heaven if you had been burned to ash.  It was more of a "Let's not encourage 
the heretics" type of thing.

This is news to me. I must have been absent the day this was covered.

Honestly, not that much was covered. I just read a lot.  

on 1/13/13


Claudia said...

Now that cremation is an option that would be good for the people who have limited funds.

At our local Catholic Cemetery you can put three urns in one plot.

ClassicBecky said...

3-in-1 ... that's OK. I'm from a big family, Claudia -- I'm used to being in crowded rooms.

Scoop (Leslie Scoopmire) said...

My uncle is a mortician. Embalming freaks me out. And the funeral for my infant cousin just cost $10,000.


When the funeral director brought in the cremains of my incredibly Catholic MIL, he had the box lodged in his armpit like a newspaper. Our Lord upheld me from committing an act of violence in the cathedral. Thank you, Lord.

Maureen said...

My parents, were they still alive, woud be 101 and 100 years old....back in their time Catholics and Jews could not be buried together.
Therefore they decided that they would be cremated - and they were, and they are with each other, with a plaque which has a Cross and a Star of David.
All very satisfying.

At least it is, from their point of view, but not so much for people who want to visit them. You actually do need to have a proper grave as a focal point, there's only so much time you can spend standing in front of a brick wall full of letterboxes, trying to explain to your four year old grandson how his great-grandparents managed to squeeze themselves into such a tiny space - and asking if they are able to open the little door and come out to see him.
Oy Vey.

ClassicBecky said...

Scoop, that funeral director ought to be reported to his association -- what a jerk to treat your MIL's ashes in such a disrespectful manner! I'm glad you escaped the probable fate of Thomas Beckett's killers who stabbed him at the foot of the altar! Funny!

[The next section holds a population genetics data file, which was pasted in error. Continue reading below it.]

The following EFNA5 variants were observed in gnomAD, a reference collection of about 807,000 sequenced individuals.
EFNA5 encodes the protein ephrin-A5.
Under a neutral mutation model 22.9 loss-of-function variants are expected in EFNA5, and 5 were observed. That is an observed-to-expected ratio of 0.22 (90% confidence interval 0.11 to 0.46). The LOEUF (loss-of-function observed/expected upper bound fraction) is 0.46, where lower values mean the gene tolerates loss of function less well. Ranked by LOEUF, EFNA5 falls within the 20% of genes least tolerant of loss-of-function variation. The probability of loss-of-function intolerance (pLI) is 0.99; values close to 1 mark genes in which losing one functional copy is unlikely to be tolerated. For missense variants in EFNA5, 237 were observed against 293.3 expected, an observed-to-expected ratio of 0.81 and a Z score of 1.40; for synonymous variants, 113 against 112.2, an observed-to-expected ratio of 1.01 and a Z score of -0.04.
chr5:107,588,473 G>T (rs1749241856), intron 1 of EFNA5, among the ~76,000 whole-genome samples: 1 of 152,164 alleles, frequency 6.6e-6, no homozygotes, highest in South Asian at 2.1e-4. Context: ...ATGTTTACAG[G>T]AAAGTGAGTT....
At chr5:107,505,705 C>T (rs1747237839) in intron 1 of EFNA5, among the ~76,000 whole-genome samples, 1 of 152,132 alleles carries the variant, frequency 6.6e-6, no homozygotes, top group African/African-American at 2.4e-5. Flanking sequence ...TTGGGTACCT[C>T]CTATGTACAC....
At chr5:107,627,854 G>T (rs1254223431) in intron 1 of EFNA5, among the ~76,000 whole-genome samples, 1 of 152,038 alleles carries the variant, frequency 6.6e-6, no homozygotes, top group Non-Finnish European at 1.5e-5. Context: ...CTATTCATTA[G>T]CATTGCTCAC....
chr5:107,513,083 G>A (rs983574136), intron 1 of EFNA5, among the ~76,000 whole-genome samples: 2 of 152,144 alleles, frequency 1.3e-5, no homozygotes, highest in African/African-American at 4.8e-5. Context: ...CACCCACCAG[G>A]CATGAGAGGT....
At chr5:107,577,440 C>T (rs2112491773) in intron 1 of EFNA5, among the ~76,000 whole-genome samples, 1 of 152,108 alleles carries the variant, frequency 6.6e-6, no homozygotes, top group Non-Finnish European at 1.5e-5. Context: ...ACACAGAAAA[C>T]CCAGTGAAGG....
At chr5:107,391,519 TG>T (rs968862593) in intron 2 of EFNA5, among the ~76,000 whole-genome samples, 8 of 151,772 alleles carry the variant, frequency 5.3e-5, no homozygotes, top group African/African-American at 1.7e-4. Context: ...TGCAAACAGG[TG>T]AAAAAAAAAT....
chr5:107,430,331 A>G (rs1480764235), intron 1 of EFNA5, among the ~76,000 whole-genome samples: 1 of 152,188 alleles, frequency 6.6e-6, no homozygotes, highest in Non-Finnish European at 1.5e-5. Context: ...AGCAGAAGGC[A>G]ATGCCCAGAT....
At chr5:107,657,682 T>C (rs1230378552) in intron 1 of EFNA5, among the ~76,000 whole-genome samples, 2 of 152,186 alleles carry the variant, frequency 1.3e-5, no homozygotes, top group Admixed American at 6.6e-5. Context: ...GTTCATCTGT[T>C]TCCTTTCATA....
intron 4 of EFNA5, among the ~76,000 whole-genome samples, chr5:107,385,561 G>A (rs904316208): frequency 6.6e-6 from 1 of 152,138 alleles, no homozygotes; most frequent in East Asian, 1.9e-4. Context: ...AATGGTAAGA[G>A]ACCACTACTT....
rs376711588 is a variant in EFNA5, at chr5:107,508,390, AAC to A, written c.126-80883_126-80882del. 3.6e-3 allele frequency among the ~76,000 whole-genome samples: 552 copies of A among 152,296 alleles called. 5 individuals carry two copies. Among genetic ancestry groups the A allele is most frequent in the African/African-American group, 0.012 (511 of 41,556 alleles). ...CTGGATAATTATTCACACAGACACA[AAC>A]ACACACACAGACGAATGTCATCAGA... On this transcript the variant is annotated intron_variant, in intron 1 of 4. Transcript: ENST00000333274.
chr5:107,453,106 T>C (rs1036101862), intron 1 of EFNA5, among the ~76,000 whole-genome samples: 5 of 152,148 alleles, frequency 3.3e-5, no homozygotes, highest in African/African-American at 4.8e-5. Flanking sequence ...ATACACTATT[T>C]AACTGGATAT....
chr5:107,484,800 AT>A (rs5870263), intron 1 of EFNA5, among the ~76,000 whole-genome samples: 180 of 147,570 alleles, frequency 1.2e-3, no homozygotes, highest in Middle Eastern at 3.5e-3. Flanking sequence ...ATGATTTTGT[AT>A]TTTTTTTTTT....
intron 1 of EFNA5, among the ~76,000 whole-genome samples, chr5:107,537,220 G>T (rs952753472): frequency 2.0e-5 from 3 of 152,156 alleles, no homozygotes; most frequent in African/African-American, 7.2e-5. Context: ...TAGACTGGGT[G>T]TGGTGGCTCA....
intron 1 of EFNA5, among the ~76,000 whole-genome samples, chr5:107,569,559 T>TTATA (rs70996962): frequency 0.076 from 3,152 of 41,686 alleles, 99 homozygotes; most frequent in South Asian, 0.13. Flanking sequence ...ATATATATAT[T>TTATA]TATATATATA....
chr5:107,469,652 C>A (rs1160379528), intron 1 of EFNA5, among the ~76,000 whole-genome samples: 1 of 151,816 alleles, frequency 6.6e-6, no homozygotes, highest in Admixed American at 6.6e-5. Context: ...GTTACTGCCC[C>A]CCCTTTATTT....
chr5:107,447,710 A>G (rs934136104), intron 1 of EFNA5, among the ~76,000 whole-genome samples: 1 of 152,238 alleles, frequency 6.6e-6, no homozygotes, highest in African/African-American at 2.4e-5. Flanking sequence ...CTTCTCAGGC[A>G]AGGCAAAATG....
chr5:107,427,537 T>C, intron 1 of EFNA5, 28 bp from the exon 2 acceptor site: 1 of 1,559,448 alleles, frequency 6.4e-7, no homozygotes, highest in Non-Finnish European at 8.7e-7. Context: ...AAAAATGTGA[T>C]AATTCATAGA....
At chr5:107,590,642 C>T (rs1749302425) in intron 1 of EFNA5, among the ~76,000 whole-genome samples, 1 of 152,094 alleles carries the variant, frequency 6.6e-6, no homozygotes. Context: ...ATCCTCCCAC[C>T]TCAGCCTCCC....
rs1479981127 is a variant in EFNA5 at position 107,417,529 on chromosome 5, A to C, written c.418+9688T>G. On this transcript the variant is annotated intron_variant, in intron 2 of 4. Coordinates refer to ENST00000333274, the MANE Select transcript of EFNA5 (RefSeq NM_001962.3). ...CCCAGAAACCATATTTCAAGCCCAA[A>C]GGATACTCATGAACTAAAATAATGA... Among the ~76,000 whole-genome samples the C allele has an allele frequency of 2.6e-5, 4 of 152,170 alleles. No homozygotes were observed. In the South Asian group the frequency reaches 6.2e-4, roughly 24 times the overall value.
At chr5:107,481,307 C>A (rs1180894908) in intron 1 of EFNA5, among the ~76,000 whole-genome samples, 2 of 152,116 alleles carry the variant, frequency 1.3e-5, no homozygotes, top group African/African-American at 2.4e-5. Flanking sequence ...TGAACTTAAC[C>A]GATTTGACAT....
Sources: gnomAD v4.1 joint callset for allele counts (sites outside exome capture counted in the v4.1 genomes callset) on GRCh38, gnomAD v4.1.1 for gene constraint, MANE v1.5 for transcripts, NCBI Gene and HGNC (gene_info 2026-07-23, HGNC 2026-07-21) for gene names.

Maureen, I have always been creeped out by mausoleums too. I don't want to spend eternity in a little drawer. I told my sons that if the do that to me, at least put me on the lower row. How do you grieve at a grave when you have to crane your neck to the top to say "Hi Mom"? LOL!

Joshua said...

Great blog! and interesting comments-mirroring my grandmother who wants to be cremated too. She says she wants to be scattered at a flower garden to be with the flowers and the birds. But these comments/reasons as mirrored also above are precisely why the Church only reluctantly allows cremation. There are only 3 places we will go to after death- Heaven, Hell or purgatory. WHy would we want to hold on to places or things or anything else in this valley of tears when we have God Himself? It is understandable that one might want to spend eternity with one's beloved but this also is clinging on to worldly relationships. God is the source of everything good we have, do we not trust Him to also provide for His children after death, and even more so in His heavenly Kingdom? AS St Paul says 'Things which eye has not seen, nor ear heard, and which have not come into man's heart, which God has prepared for them that love him.' I think we should learn to trust in God and change our way of thinking.

Anonymous said...

I try to follow the example of popes, saints, monks and other clergy. How many of these do you know that were cremated? Almost none that I'm aware of, I wonder why that is? We should have respect for our bodies and cremation seems disrespectful to our Creator. The Church allows for many things that I think should still be avoided if possible (Communion in the hand, altar girls, marrying non-Catholics, etc...etc.).

Gigi said...

Maureen I love your comments! Nice post Sister MM. When my Mum died two years ago, my sister and I had to buy a plt in the Catholic part of her local cemetery. I was quite perplexed that the plot aws for two burial and up to four cremations. My sister is the eldest and is adamant that she must be buried (after her death of course...), so that leaves cremation for me. I must admit, I'm more worried about my soul than any earthly remains! x

Unknown said...

We will be judged by Jesus for ALL good and evil we have done. Just how can any one justify being at Jesus feet whole some how gets us by the torment of having destroyed our bodies. If true then why restore our bodies to whole if it is merely nonsense as far as testimony?